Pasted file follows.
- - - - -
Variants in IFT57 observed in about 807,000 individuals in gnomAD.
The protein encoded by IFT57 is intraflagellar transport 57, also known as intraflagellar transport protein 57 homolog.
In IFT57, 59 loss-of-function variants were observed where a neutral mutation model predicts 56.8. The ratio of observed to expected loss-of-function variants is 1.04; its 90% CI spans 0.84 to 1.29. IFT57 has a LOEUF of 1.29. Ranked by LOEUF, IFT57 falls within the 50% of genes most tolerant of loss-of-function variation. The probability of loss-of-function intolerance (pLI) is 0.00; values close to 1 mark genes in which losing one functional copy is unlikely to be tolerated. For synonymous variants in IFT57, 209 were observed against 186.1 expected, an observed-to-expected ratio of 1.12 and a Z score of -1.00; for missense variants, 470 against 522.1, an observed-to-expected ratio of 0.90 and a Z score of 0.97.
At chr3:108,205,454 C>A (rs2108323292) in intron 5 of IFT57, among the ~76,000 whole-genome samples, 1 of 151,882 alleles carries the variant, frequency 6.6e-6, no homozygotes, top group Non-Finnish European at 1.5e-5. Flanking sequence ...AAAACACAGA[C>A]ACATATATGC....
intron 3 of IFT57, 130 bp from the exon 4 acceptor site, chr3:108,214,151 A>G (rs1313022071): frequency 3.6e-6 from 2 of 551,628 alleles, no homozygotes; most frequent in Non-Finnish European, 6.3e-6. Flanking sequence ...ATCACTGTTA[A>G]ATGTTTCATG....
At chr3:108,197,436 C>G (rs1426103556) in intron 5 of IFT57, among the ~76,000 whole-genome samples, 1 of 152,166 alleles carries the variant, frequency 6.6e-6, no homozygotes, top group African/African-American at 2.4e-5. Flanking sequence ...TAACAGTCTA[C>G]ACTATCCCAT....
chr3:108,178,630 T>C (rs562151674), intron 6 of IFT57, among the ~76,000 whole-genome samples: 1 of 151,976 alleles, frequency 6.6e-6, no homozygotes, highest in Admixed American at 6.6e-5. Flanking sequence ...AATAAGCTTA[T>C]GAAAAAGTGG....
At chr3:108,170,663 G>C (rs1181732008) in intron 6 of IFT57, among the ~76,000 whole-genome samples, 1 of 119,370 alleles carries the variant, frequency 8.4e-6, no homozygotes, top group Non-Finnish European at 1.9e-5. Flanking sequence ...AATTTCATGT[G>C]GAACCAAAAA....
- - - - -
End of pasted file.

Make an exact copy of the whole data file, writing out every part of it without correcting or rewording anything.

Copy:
Variants in IFT57 observed in about 807,000 individuals in gnomAD.
The protein encoded by IFT57 is intraflagellar transport 57, also known as intraflagellar transport protein 57 homolog.
In IFT57, 59 loss-of-function variants were observed where a neutral mutation model predicts 56.8. The ratio of observed to expected loss-of-function variants is 1.04; its 90% CI spans 0.84 to 1.29. IFT57 has a LOEUF of 1.29. Ranked by LOEUF, IFT57 falls within the 50% of genes most tolerant of loss-of-function variation. The probability of loss-of-function intolerance (pLI) is 0.00; values close to 1 mark genes in which losing one functional copy is unlikely to be tolerated. For synonymous variants in IFT57, 209 were observed against 186.1 expected, an observed-to-expected ratio of 1.12 and a Z score of -1.00; for missense variants, 470 against 522.1, an observed-to-expected ratio of 0.90 and a Z score of 0.97.
At chr3:108,205,454 C>A (rs2108323292) in intron 5 of IFT57, among the ~76,000 whole-genome samples, 1 of 151,882 alleles carries the variant, frequency 6.6e-6, no homozygotes, top group Non-Finnish European at 1.5e-5. Flanking sequence ...AAAACACAGA[C>A]ACATATATGC....
intron 3 of IFT57, 130 bp from the exon 4 acceptor site, chr3:108,214,151 A>G (rs1313022071): frequency 3.6e-6 from 2 of 551,628 alleles, no homozygotes; most frequent in Non-Finnish European, 6.3e-6. Flanking sequence ...ATCACTGTTA[A>G]ATGTTTCATG....
At chr3:108,197,436 C>G (rs1426103556) in intron 5 of IFT57, among the ~76,000 whole-genome samples, 1 of 152,166 alleles carries the variant, frequency 6.6e-6, no homozygotes, top group African/African-American at 2.4e-5. Flanking sequence ...TAACAGTCTA[C>G]ACTATCCCAT....
chr3:108,178,630 T>C (rs562151674), intron 6 of IFT57, among the ~76,000 whole-genome samples: 1 of 151,976 alleles, frequency 6.6e-6, no homozygotes, highest in Admixed American at 6.6e-5. Flanking sequence ...AATAAGCTTA[T>C]GAAAAAGTGG....
At chr3:108,170,663 G>C (rs1181732008) in intron 6 of IFT57, among the ~76,000 whole-genome samples, 1 of 119,370 alleles carries the variant, frequency 8.4e-6, no homozygotes, top group Non-Finnish European at 1.9e-5. Flanking sequence ...AATTTCATGT[G>C]GAACCAAAAA....